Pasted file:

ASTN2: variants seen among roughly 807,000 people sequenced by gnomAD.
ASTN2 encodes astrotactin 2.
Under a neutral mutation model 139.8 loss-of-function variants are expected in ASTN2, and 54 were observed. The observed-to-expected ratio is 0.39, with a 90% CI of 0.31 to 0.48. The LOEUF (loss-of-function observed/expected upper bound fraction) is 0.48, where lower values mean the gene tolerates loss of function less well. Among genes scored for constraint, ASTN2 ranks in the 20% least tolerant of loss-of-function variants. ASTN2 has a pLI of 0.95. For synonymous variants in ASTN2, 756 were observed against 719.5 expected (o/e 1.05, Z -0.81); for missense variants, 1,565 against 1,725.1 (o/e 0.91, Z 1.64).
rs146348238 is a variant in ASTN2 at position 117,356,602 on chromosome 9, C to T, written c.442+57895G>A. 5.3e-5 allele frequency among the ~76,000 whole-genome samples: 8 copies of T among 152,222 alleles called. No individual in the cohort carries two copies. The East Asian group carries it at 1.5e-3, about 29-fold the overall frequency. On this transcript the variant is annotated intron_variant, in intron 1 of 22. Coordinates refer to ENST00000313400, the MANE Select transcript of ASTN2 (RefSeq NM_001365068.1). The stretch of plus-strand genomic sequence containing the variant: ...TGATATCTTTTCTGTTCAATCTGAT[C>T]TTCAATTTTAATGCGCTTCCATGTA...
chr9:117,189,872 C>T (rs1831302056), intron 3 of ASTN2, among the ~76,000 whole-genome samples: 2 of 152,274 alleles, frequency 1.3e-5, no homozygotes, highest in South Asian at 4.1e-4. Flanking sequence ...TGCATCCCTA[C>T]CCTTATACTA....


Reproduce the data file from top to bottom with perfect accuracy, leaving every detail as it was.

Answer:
ASTN2: variants seen among roughly 807,000 people sequenced by gnomAD.
ASTN2 encodes astrotactin 2.
Under a neutral mutation model 139.8 loss-of-function variants are expected in ASTN2, and 54 were observed. The observed-to-expected ratio is 0.39, with a 90% CI of 0.31 to 0.48. The LOEUF (loss-of-function observed/expected upper bound fraction) is 0.48, where lower values mean the gene tolerates loss of function less well. Among genes scored for constraint, ASTN2 ranks in the 20% least tolerant of loss-of-function variants. ASTN2 has a pLI of 0.95. For synonymous variants in ASTN2, 756 were observed against 719.5 expected (o/e 1.05, Z -0.81); for missense variants, 1,565 against 1,725.1 (o/e 0.91, Z 1.64).
rs146348238 is a variant in ASTN2 at position 117,356,602 on chromosome 9, C to T, written c.442+57895G>A. 5.3e-5 allele frequency among the ~76,000 whole-genome samples: 8 copies of T among 152,222 alleles called. No individual in the cohort carries two copies. The East Asian group carries it at 1.5e-3, about 29-fold the overall frequency. On this transcript the variant is annotated intron_variant, in intron 1 of 22. Coordinates refer to ENST00000313400, the MANE Select transcript of ASTN2 (RefSeq NM_001365068.1). The stretch of plus-strand genomic sequence containing the variant: ...TGATATCTTTTCTGTTCAATCTGAT[C>T]TTCAATTTTAATGCGCTTCCATGTA...
chr9:117,189,872 C>T (rs1831302056), intron 3 of ASTN2, among the ~76,000 whole-genome samples: 2 of 152,274 alleles, frequency 1.3e-5, no homozygotes, highest in South Asian at 4.1e-4. Flanking sequence ...TGCATCCCTA[C>T]CCTTATACTA....